Black Swan

So on my trip to the UK several years ago, I saw several ‘new’ birds that I knew I probably wouldn’t be seeing withi the US (outside of a zoo). One of those birds was the black swan that I spotted within Kensington Park. It actually isn’t a ‘native’ bird to the Northern Hemisphere–it is an ‘introduced’ or escaped exotic bird.

Black swan

These swans have basically all black feathers and a red bill (with a paler pink stripe near the tip). When they’re in flight that is when you can see their white flight feathers. They also have gray-black legs and feet.

The younger swans are more of a gray-brown before they molt into their adult black feathers.

So, the black swan is actually a ‘native’ species to the southern hemisphere–specifically Australia. Where they can be spotted more in the southwestern and eastern portions of the country. They were ‘introduced’ to the northern hemisphere starting in the 1800s–either to zoos or as ornamental birds for large estates. They have managed to ‘escape’ and and establish breeding colonies throughout the northern hemisphere.

In terms of their habitat–they aren’t that picky (as long as there is plenty of vegetation–both aquatic and terrestrial for both feeding and nesting), and can be found on lakes (freshwater, brackish, or saltwater), swamps, and rivers. Within Australia, they are actually highly nomadic migratory birds that migrate in response to the weather.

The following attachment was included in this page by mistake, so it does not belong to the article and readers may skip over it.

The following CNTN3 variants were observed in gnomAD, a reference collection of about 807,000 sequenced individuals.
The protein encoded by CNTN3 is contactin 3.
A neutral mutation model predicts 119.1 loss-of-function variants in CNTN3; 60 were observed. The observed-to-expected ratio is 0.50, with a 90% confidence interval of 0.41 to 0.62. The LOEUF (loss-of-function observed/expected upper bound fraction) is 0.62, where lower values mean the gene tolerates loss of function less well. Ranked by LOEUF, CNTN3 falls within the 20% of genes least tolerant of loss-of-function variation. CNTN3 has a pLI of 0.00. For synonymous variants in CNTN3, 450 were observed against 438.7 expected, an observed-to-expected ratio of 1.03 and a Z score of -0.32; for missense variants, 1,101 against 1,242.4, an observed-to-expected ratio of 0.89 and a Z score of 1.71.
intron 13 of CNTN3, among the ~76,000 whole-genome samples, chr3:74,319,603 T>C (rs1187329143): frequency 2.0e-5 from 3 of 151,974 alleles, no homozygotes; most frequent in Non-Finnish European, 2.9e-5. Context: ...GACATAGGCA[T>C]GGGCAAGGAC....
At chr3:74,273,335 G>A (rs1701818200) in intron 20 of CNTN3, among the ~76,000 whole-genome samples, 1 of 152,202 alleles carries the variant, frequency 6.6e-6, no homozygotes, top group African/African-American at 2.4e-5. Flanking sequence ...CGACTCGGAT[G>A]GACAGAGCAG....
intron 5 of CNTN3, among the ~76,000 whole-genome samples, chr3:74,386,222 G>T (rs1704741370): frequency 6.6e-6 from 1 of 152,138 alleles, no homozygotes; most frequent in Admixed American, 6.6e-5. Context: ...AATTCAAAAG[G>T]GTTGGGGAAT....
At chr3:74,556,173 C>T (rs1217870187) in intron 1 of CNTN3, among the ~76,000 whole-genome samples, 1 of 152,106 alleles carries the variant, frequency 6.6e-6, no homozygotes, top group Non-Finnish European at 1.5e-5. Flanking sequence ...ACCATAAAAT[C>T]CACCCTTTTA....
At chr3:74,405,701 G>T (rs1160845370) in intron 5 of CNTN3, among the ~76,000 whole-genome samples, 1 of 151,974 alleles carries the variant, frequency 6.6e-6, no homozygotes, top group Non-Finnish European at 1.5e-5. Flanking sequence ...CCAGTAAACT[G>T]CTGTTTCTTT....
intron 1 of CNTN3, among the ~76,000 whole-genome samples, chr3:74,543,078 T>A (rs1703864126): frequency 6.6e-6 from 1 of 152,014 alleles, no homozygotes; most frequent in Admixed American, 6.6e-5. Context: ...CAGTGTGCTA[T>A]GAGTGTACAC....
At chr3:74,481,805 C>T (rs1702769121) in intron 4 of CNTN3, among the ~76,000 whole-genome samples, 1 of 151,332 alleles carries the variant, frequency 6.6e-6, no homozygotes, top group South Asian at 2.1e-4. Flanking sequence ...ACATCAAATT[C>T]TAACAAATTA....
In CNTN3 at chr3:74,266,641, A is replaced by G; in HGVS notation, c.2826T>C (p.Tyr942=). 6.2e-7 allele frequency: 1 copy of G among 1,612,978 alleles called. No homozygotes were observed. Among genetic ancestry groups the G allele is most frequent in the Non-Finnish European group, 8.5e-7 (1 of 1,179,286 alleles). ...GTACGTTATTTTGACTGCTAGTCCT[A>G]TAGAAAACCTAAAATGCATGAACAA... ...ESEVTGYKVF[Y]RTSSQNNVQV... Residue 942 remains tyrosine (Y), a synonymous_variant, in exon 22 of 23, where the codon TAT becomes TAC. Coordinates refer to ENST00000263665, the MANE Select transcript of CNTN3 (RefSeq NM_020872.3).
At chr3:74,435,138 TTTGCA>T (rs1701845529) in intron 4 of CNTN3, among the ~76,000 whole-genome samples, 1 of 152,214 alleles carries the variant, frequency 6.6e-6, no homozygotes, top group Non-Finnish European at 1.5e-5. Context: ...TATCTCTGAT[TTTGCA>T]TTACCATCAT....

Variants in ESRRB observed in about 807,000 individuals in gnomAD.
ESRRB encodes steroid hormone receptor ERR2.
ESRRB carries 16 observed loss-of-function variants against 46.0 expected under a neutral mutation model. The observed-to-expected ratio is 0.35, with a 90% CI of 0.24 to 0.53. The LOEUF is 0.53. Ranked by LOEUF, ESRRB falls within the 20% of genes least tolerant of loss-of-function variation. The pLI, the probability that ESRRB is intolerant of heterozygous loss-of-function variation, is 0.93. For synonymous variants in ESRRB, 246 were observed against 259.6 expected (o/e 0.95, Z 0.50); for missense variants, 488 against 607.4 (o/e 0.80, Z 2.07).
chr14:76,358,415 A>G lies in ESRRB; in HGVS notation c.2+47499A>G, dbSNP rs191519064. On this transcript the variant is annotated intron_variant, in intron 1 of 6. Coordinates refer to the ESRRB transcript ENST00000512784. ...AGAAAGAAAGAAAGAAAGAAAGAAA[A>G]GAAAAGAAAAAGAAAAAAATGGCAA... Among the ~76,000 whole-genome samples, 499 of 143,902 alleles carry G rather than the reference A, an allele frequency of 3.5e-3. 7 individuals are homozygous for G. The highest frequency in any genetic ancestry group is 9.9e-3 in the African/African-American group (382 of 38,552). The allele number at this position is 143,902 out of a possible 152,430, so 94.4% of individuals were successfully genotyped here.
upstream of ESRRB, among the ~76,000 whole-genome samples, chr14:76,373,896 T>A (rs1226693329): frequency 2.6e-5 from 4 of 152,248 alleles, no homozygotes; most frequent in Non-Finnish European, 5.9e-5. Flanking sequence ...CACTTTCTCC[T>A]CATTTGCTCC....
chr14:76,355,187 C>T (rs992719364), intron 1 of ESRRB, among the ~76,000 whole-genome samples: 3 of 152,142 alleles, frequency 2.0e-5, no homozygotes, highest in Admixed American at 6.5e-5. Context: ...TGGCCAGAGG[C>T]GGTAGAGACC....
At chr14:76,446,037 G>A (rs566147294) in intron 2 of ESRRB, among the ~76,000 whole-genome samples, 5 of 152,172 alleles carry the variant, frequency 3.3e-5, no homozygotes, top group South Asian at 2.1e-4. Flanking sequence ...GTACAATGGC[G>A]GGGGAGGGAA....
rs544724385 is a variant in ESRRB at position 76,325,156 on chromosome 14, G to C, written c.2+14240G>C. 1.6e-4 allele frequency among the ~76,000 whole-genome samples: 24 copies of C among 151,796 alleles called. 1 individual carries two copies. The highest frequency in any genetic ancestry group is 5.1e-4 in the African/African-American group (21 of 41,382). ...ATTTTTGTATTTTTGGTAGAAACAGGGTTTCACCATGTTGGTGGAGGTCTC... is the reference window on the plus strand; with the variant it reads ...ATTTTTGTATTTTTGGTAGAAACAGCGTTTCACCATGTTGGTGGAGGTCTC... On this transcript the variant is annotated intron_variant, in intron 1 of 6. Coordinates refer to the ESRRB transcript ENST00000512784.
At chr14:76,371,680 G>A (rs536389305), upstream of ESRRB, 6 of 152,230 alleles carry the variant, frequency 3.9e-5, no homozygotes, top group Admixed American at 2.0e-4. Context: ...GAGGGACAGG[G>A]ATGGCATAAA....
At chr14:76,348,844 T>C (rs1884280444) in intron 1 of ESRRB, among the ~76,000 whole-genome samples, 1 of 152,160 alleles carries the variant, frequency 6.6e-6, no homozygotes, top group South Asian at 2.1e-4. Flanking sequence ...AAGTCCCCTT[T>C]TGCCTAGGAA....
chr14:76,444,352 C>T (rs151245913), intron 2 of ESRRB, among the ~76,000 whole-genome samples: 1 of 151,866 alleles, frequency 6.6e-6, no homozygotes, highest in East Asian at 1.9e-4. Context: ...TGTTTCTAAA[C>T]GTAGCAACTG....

The best place for trying to spot them–look to the water.

Their diet consists mostly of aquatic and marshland plants (such as algae, reedmace, and stoneworts). They are able to ‘upend’ (sticking their butts up in the air) within deep water to feed (in part due to their long necks), though for the most part they will eigher filter feed at the water’s surface (for algae), or just below the water in the shallow areas.

Three other odd facts about black swans:

About a third of all broods exhibit extra-pair paternity.

Roughly a quarter of all pairings are between males. They will then either steel nests or form temporary threesomes with females to obtain eggs and a nest.

While their numbers aren’t in decline, they are fully protected in Australia, where it is illegal to shoot them.

Photography goal: Get a picture of a black swan in Australia.